If you are a BJJ enthusiast and you trained long enough then you probably thought about going to a competition to test your skills.
However, the competition and preparation can be scary for the first-timers. There are a number of things that can affect your overall experience in Brazilian Jiu-Jitsu competition.
Your first match can be intimidating as the anxiety can overwhelm you and hinder the main reason you signed up for – to test your skills and most importantly to have fun.
But don’t worry, we got you. In this article, we are going to give you 4 great tips for your first competition.
Pick The Right Event
Back in the days when combat sports and particularly BJJ were not so popular, there were not a lot of events and competitions to choose from.
Fortunately, that is not the case in modern days and you have plenty of options to choose from.
When you prepare for your first competition, you should always choose the option you are most comfortable with. This is one of the most important factors to create a good overall experience.
Make sure to check the place, ruleset, and organization before signing up.
For a start, it’s better to choose a smaller local competition and build your way up to bigger ones. This will help you with the anxiety and will build your confidence.
The ruleset should be exactly like the ruleset you use in training. There are a lot of great tournaments with different types of rules but you can test them later.
The most important thing, for now, is to build your confidence and have fun.
One of the most frequent mistakes you can make is with the weight cut.
A lot of novice competitors cut a lot of weight to qualify for the lowest weight class possible. However, this is not always the best tactic.
Of course, you need to cut some weight but losing too much in a short time-frame can be a disaster for your energy and performance. Competing in a lighter weight class won’t help you if you are depleted and far away from your best shape.
Instead, you should try to cut the extra weight in the months before the competition and only cut a few pounds in the last moment.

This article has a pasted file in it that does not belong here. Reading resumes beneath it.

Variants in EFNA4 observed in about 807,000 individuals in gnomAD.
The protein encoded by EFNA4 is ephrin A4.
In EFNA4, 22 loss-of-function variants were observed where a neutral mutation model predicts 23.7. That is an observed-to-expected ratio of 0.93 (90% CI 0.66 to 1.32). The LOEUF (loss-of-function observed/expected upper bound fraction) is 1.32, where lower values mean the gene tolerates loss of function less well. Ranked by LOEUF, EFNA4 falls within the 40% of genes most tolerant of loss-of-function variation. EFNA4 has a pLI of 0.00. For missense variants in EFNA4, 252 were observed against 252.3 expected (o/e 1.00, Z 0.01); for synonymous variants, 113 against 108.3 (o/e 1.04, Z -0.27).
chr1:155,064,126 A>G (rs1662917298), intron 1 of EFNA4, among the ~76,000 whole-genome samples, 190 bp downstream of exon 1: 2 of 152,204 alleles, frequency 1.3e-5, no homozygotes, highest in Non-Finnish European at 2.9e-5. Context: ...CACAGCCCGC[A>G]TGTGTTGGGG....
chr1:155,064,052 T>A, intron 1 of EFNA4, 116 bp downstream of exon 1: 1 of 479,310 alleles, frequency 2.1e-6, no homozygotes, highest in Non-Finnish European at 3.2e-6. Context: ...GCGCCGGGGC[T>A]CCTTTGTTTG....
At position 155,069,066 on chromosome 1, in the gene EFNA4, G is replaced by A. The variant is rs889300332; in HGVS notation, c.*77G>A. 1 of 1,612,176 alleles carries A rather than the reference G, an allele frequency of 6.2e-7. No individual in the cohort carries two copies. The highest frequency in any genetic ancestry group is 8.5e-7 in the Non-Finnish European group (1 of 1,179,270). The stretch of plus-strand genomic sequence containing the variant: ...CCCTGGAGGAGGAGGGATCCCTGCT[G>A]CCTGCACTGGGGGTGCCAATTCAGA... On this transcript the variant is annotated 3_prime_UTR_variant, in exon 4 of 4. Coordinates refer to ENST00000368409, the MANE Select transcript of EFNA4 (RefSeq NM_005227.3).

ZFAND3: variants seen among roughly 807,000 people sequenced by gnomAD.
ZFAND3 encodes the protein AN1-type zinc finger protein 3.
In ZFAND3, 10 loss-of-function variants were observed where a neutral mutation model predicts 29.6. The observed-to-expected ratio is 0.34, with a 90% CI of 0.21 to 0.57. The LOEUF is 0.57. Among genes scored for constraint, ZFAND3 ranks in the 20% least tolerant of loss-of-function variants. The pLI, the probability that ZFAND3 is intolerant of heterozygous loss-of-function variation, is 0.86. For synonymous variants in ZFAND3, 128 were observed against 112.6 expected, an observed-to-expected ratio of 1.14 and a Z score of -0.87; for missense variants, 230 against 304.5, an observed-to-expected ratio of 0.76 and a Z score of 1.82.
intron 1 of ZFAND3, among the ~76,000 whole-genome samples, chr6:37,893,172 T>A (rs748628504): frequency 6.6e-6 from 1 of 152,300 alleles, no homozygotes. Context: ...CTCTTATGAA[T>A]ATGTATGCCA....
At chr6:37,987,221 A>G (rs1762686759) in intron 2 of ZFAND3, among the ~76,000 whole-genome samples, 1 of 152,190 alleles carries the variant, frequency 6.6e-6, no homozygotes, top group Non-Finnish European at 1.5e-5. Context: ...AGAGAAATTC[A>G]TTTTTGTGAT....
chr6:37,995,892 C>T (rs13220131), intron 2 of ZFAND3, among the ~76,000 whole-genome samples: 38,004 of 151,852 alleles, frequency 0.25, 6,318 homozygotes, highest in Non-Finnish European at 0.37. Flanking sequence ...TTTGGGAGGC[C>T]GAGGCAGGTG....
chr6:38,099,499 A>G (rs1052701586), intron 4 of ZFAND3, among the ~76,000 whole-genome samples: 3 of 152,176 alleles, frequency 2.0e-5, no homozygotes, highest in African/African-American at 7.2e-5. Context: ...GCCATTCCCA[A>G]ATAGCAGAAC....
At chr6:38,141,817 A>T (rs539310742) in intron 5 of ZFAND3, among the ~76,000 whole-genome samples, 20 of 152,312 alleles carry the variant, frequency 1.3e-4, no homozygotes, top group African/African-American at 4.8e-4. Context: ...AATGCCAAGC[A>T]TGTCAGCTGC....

You should feel strong and energized before entering the competition not drained and weak.
While it is important to be flexible during the match and change your strategy as you go, it is also very important to have a game plan first.
Where are you at your best? How are you feeling most comfortable and confident?
These are questions you need to think about and make a plan that is most beneficial for you.
Of course, things won’t always go according to your plan but it’s good to have a clear goal in mind.
Your game plan should be made around performing your best techniques and getting in positions where you can apply your best skills while hiding your weaknesses.
When you have a gameplan you will enter the mat with a goal of imposing your will and not just reacting to your opponent’s moves.
Know The Basics Of Every Position
An important thing to know before going in your first competition is the basics of every position.
Of course, you don’t need to be a master of it. But you should be aware of what you should do in every position.
For example, you should now at least one escape of the most popular positions like bottom mount, bottom side control, back control, while knowing how to attack from dominant positions.
If you are not familiar with some position – don’t panic. You will have some time to study it prior to the competition.
But it is important to identify what are your weaknesses and work on them.
By knowing the fundamentals of every position you will be able to avoid being hopeless in the middle of the match, not knowing what to do.
Competing for the first time can be stressful and scary. However, try to focus on the positive things, listen to the tips we gave you, have fun and enjoy the moment.
After all is done, you will be glad that you participated.
Remember, you are doing this for yourself and if you are not feeling ready – it’s okay, give yourself some more time because competing should be a good experience.
Have fun training and competing!
This article was written by our friend Asen from fighterculture.com